Improved Adoption Policies Protect Children’s Rights

ASTANA – One of the priorities of state policy in Kazakhstan is the right of every child to live and grow up in a family.


Accession to the convention will allow authorities to monitor a child and ensure he or she is treated properly.

Raissa Sher, Chairwoman of the Children’s Rights Protection Committee of the Ministry of Education and Science, recently held a briefing where she spoke about the implementation of the National Strategy of Adoption and the innovations in national legislation on children’s rights.

International (also known as intercountry) adoption has been permitted in Kazakhstan since 1999. Over 14 years, more than 8,000 orphans have found new families outside their home country. Under the laws of Kazakhstan, all of them remain citizens and are eligible for Kazakhstan passports. At age 18, the child can choose a citizenship. Today, Kazakhstan has 10,887 orphans and abandoned children who live in children’s homes, hoping one day to have a family.

In 2010, the government of Kazakhstan introduced a moratorium on international adoption. It was adopted because the previous unregulated and chaotic process of adoption had spawned many abuses and made it impossible to trace the fate of the child.

That same year, Kazakhstan ratified the Hague Convention on the Protection of Children and Cooperation in Respect of Intercountry Adoption. The government carried out the necessary work on the foreign adoption process in accordance with international standards and regulations.

Accession to the convention will allow authorities to monitor a child and ensure he or she will not be treated cruelly. Today, if any case of such mistreatment is revealed, children can be returned to their homeland, Kazakhstan.

The adoptive parents are now required to report about the fate of the children. In late 2011, President Nursultan Nazarbayev signed into law a new code “On Marriage (Matrimony) and the Family.” In March 2012, the government passed six regulations to be added to the code.

The main innovation is the creation of regional interagency committees to select children for international adoption and to approve candidates for adoptive parents.

Under the new rules, all documents provided by foreign adoptive parents will be collected by accredited agencies abroad and then transmitted through their branches in Kazakhstan to the Children’s Rights Protection Committee.

The accreditation process for adoption agencies was carried out over the last year and was completed on Jan. 18, 2013. About 60 agencies have submitted their proposals. The commission has approved the accreditation of 37 of them. Another 20 adoption agencies have already completed the registration process. These include eight agencies from the United States, five from Spain, three from Canada, one from Germany and one from France. Every agency will be allowed to find adoptive parents for only two children.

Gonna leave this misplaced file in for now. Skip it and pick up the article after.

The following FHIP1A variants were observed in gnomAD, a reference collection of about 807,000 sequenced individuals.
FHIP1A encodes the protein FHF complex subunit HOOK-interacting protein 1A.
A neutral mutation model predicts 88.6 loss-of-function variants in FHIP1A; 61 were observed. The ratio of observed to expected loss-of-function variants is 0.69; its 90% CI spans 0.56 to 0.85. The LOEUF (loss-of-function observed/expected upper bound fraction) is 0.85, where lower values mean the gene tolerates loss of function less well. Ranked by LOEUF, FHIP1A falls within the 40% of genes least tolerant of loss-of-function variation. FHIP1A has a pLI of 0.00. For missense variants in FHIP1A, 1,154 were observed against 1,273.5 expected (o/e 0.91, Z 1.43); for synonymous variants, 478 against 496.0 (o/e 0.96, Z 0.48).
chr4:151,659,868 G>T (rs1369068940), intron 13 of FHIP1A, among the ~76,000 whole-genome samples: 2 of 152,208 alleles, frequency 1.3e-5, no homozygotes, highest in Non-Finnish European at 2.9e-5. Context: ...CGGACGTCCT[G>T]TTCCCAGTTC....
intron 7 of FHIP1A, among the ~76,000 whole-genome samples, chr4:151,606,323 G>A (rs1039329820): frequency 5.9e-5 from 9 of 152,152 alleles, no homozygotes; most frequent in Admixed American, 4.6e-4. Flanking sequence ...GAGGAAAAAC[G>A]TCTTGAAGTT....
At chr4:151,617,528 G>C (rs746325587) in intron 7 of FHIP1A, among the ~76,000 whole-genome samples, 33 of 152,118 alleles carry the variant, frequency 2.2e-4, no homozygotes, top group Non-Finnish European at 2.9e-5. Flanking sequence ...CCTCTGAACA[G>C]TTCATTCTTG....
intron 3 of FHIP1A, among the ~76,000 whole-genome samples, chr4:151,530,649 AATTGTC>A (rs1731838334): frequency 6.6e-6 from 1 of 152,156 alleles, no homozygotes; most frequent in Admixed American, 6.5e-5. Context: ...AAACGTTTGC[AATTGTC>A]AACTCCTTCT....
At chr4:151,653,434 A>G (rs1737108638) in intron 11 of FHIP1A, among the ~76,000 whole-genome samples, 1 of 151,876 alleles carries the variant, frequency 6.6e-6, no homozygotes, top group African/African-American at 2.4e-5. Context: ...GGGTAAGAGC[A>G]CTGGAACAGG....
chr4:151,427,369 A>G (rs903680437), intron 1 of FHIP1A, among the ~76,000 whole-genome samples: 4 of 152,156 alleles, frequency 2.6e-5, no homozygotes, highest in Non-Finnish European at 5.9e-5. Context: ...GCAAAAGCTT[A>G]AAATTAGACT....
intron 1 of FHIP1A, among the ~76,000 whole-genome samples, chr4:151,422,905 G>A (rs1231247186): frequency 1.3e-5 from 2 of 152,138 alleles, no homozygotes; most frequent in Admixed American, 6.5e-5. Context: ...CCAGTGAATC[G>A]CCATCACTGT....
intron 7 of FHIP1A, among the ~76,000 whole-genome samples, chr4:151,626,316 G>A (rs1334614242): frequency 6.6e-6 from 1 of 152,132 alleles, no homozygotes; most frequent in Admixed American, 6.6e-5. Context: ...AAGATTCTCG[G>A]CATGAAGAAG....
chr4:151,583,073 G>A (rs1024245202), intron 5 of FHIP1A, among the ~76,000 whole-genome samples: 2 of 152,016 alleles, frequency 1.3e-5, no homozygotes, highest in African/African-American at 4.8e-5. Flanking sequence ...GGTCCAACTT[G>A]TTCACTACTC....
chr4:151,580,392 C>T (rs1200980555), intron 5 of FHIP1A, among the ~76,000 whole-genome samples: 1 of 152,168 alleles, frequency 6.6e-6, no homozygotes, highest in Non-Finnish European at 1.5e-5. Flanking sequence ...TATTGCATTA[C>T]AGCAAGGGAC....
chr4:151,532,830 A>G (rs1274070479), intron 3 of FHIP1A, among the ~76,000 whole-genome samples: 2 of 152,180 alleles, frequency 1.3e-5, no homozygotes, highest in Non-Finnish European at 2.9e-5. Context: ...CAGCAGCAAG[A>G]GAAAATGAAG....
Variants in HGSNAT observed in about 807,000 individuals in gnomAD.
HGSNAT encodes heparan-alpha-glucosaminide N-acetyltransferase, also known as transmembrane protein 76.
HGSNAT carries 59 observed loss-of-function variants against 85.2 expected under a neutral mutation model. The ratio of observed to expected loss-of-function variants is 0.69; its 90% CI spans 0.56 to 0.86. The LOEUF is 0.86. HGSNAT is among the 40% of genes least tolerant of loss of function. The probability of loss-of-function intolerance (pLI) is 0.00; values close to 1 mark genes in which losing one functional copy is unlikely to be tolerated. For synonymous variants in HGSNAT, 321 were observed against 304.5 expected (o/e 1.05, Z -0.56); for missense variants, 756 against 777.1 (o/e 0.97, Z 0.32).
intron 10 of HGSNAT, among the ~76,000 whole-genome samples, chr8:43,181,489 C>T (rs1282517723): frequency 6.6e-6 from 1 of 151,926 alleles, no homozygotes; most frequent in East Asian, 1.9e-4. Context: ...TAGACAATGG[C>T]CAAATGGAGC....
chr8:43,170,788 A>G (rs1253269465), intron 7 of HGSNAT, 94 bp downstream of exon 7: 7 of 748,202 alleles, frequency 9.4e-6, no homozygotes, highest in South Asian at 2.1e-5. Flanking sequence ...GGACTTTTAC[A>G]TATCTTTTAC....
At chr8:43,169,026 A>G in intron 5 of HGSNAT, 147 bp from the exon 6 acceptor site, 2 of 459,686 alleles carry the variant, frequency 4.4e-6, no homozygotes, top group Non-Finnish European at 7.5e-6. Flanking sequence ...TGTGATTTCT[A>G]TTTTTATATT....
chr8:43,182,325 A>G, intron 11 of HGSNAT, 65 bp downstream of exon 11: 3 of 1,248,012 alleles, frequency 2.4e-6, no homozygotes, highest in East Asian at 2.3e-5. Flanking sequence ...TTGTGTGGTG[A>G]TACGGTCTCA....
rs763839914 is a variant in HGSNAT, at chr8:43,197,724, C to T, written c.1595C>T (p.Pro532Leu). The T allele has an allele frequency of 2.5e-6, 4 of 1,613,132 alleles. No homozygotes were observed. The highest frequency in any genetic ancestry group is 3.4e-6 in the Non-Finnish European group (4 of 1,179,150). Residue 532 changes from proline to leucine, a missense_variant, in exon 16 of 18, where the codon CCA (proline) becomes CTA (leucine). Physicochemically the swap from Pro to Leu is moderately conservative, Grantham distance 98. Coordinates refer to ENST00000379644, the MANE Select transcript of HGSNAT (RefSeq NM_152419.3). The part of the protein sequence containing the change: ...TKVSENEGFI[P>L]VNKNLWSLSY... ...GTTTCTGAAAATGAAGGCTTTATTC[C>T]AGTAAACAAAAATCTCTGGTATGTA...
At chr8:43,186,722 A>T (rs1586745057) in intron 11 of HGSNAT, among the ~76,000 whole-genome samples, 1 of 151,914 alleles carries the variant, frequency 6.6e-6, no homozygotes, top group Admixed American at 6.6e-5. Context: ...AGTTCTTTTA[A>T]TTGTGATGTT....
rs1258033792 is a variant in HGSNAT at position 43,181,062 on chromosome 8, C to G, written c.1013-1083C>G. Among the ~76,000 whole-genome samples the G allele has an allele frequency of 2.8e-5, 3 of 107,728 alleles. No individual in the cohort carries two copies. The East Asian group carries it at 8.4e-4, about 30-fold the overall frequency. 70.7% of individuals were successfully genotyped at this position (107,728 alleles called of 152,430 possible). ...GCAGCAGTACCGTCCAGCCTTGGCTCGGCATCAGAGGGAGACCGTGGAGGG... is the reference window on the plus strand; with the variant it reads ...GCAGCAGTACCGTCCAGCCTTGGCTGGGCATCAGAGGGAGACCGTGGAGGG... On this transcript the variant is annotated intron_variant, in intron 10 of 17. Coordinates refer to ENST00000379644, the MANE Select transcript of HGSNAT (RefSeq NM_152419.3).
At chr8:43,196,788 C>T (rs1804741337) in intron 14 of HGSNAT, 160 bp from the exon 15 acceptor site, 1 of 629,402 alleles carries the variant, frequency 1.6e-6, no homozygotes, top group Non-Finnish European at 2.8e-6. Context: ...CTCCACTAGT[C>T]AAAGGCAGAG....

“Today, adoption agencies accredited in Kazakhstan undertake the control of adopted children in foreign countries and the responsibility of providing timely reports about them. During the first three years, these reports will be required twice a year. In the following years, they will be required once a year until adulthood. If the accredited agency violates the requirements of Kazakhstan’s law to any extent, the accreditation will be recalled,” Sher said.

The international adoption of children from Kazakhstan is permitted only to countries that share Kazakhstan’s international obligations to protect the children’s rights and interests (paragraph 5 of article 84 of the code).

The terms of selection of adoptive parents for their children have been changed. The list of persons who cannot be adoptive parents (single men, people with no fixed abode, stateless persons, and others) was extended. The period of communication of future custodial parents with their child has been increased from two to four weeks. In addition, the age difference between the adopter and the adopted child must be at least 16 years and not more than 45 years.

After the child meets and communicates with his or her prospective parents, the interagency commission will decide whether candidates correspond to the child’s interests. If approved, the adoptive parents must be listed in the consular register in the Department of Consular Service of the Ministry of Foreign Affairs. Upon arrival in their own country, they are obliged to register the child at the embassy consulate of Kazakhstan accredited to their country.

Kazakhstan’s Ministry of Education and Science and its Foreign Ministry, represented by diplomatic missions and law enforcement agencies, are charged with controlling the execution of this process.

As The Astana Times reported in its article about the Mercy Voluntary Society on July 27, 2012, a new webpage called was launched. The page provides collected resumes of all children living in Kazakhstan’s orphanages, including detailed information for those who want to adopt a child in Kazakhstan.

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